Bob has been searching for one of these cameras for many years. It was the most popular professional movie camera of the silent era. Made in France by Pathé, it was called the Pathé French Studio Movie Camera although it was used outdoors as well. The Pathé Studio was popular because the magazines mount on the top making it very compact - and all the controls are in easy reach. When it arrived, the camera looked a mess - and was missing its magazines and lens as usual, but what a camera! Well worth the effort to restore it.

The story begins when Bob spotted an old movie camera with battered leather on eBay in November, 2007. It was advertised as "an old wooden camera - hand cranked". Bids exceeded $1,000 US and Bob dropped out at $1,400. To his surprise, the camera reappeared on eBay the next day. The winning bidder had used a stolen identity and eBay disqualified the auction! The next round of bidding was dampened by the incident and the camera went to Bob for $800.

When he received it, the camera appeared to be in much worse condition and it took a lot of effort and lubrication to clean up the body, clean out the cobwebs, and free the mechanism which otherwise was in excellent condition. The basic claw mechanism follows the Lumière Brothers patent and as such is very compact and precise. To advance each frame, pins move in and out along grooves. Bob noted there is no standard Pathé Studio camera. Pathé used a basic platform and customized it with accessories for each order. Examples of this camera are worth $4,000 in good condition (some leather is almost always missing, and usually the lens as well). Bob's camera has a control built-in to slowly move the aperture from f/3.5 to f/22 and back again for fade-in and fade-out. And it also has a built-in device to allow the operator to verify focus - the old film was translucent so you could see through it to focus, while modern film is opaque.

Some of the cameras include a second lower speed crank gearing at 1 rpm to record animations. The cameras were never inscribed with a serial number - just part numbers used to match the camera pieces during manufacture. The Pathé factory records have been lost so Bob has no idea what system they used to identify individual cameras. Bob left the remaining leather on the body to to guide him in the restoration. He found a source for Moroccan pig skin leather in California through Sam Dodge, another movie camera enthusiast. Both the film magazines and the lens are hard to find for these cameras. Thewnted lens - krauss tessar 100m magazines are rectangular boxes covered with the same thin leather as the camera. The dual feed and take up magazines fit on top of the camera in line with the lens and shutter mechanism. The film threads in a semi-automatic fashion.

The standard lens is a brass Zeiss Tessar made under license by E. Krauss, Paris. Standard focal length was 5 cm but focal lengths from medium wide angle to medium telephoto were also common. The unique feature of the Tessar for the Pathé Studio is a mechanical connection to hook the aperture diaphragm to the fade mechanism. Contact Bob Gutteridge or Sam Dodge if you have or know anyone who has magazines or lenses for this camera.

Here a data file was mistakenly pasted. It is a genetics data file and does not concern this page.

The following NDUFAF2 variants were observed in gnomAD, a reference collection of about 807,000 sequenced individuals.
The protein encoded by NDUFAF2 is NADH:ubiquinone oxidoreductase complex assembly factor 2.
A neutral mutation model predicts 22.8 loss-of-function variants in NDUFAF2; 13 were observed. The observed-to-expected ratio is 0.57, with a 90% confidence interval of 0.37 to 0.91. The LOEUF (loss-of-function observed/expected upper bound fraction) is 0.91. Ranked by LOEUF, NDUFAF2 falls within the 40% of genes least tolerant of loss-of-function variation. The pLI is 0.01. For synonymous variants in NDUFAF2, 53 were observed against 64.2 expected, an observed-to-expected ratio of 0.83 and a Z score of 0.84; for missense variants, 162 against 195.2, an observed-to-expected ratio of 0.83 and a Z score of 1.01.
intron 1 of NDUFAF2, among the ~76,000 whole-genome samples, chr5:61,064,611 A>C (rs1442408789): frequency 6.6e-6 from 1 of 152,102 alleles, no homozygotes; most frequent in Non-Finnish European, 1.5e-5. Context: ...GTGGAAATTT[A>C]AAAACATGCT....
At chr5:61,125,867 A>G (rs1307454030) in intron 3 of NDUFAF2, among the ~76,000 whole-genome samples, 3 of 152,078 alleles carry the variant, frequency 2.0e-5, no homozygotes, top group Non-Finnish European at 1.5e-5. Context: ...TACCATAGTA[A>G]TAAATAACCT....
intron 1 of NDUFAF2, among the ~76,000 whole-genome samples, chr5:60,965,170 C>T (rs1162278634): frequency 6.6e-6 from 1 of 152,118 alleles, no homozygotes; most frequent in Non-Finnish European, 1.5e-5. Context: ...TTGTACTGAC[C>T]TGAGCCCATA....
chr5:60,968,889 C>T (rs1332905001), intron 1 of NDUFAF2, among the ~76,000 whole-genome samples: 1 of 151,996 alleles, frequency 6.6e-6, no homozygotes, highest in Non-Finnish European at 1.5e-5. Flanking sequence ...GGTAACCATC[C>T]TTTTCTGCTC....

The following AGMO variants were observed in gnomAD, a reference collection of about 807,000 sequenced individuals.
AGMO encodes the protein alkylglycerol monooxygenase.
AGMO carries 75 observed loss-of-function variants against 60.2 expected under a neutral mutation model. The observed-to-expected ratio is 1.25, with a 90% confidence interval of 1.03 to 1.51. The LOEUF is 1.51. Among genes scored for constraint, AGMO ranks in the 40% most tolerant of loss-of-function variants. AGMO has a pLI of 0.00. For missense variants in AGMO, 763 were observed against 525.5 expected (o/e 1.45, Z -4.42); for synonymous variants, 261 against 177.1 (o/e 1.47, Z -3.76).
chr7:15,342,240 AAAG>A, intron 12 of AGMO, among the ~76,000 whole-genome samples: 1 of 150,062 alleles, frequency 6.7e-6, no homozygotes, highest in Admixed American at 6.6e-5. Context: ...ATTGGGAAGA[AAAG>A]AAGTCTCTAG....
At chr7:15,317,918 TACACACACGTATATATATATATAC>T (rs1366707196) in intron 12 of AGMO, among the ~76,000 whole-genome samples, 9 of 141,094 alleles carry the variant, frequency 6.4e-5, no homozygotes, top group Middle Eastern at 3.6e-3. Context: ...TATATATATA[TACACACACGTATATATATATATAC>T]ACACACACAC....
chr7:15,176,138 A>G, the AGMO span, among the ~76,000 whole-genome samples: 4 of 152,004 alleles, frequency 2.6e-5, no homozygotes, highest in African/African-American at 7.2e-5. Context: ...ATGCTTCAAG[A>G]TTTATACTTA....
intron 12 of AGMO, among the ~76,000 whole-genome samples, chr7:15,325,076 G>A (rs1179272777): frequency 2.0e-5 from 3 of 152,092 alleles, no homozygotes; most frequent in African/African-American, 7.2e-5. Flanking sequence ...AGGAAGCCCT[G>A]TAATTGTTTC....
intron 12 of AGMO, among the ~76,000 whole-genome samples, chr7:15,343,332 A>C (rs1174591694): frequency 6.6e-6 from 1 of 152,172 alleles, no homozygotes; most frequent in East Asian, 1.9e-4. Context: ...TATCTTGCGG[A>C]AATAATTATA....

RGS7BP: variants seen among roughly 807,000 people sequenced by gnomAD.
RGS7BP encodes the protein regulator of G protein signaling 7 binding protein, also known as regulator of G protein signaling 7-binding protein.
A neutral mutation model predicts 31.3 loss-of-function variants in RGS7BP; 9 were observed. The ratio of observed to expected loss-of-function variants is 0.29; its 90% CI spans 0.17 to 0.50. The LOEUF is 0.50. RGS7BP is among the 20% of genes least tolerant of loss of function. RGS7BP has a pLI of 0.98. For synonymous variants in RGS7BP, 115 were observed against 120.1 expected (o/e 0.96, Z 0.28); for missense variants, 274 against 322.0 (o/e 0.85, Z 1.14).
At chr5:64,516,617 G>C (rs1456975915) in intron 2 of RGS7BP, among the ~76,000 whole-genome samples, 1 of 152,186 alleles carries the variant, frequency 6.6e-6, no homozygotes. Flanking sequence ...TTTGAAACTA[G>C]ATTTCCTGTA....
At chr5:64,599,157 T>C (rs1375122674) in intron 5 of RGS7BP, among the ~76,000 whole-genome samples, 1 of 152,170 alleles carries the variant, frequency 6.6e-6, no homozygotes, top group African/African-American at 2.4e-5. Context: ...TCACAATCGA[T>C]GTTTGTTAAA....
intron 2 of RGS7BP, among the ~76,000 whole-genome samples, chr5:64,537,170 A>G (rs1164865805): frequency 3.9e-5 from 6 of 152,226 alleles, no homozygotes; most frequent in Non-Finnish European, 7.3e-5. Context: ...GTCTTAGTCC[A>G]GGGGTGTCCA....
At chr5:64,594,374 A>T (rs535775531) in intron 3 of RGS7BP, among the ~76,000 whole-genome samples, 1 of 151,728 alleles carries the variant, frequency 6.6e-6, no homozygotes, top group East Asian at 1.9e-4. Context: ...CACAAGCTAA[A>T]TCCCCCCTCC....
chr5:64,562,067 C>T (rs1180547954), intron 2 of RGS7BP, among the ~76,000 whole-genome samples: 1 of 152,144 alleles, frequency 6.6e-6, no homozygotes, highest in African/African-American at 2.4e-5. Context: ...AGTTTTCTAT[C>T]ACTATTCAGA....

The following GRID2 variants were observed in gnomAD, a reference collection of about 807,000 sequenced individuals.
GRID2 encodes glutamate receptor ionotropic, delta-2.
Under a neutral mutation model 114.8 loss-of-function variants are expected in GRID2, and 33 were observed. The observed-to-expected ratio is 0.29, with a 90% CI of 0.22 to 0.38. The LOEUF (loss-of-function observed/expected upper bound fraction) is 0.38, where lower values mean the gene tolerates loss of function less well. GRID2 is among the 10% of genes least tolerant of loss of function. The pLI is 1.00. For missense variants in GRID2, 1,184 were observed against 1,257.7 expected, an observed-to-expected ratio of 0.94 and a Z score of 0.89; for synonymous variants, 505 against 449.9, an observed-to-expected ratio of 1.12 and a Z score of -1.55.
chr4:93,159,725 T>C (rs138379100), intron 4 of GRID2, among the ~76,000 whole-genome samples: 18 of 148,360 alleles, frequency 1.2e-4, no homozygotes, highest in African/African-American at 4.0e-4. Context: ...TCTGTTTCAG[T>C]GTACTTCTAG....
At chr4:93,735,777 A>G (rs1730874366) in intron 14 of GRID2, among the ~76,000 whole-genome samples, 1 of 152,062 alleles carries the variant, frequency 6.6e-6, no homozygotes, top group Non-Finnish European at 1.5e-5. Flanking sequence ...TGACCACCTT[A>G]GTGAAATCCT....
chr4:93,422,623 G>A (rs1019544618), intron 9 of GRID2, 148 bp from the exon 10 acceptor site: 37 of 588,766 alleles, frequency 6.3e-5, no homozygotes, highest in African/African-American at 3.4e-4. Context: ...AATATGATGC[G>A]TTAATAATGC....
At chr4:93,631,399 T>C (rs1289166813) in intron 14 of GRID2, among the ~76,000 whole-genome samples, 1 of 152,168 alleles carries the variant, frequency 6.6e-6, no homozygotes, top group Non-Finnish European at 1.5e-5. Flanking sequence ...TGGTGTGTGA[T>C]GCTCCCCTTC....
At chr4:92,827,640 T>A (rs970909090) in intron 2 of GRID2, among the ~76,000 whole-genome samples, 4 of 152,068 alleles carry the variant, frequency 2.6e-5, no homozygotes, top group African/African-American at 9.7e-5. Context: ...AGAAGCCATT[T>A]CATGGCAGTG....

Mark Singer - Found item.

Mark seems to find interesting things along the way. Recently, he noticed a black box with a handle sitting by the curb near his house, waiting for garbage pick-up. He brought it home and when he opened the small suitcase-size box, it revealed an old Kodak 8 mm movie projector circa 1932. The Kodascope Eight Model 40 was signed as made in U.S.A. by Eastman Kodak Co. Rochester, N. Y. The case markings indicated the projector was sold by the Canadian Kodak Company. It came complete with a lens and two empty reels. This model was rated at 325 watts. Bob Gutteridge noted that Model 50 and Model 60 versions were also made with brighter illumination. And a model 20 sporting a 100 watt bulb was identified in McKeown’s as the first 8 mm projector ever made (1932).

Shelton Chen - Karsh Portraits.

The largest collection of this show and tell by far is Shelton’s Karsh portraits and ephemera. Shelton told an interesting and exciting tale of his search for these portraits. He acquired 18 - all included in the 48 portraits that illustrate the Karsh book “Portraits of Greatness” - through PHSC president Clint Hryhorijiw.

Shelton cautioned the audience that many fakes show up on eBay. He had two examples he passed around tonight. Each was an 8x10 copy print from a museum or archive holding and so stamped on the reverse. Authentic Karsh photographs were printed by his darkroom staff to his explicit specifications capturing the contrast range and mood he wished to project. Shelton told of a three hour trip he and Clint took to attend an auction where the only worthwhile lot was a portrait by Karsh that had been posted on eBay. The trip was necessary to ensure the print was worth bidding for - which it was (and the only lot worth the trip that day). Shelton came home with one more print for his collection.

On another occasion Shelton bought a portrait of Humphrey Bogart via eBay from California while he was in Japan. The seller said he would need the "other" Casa Blanca portrait to complete the set: Ingrid Bergman. When he arrived home, there was a package for him from a picker in Brooklyn. Included in the package was the Ingrid Bergman portrait!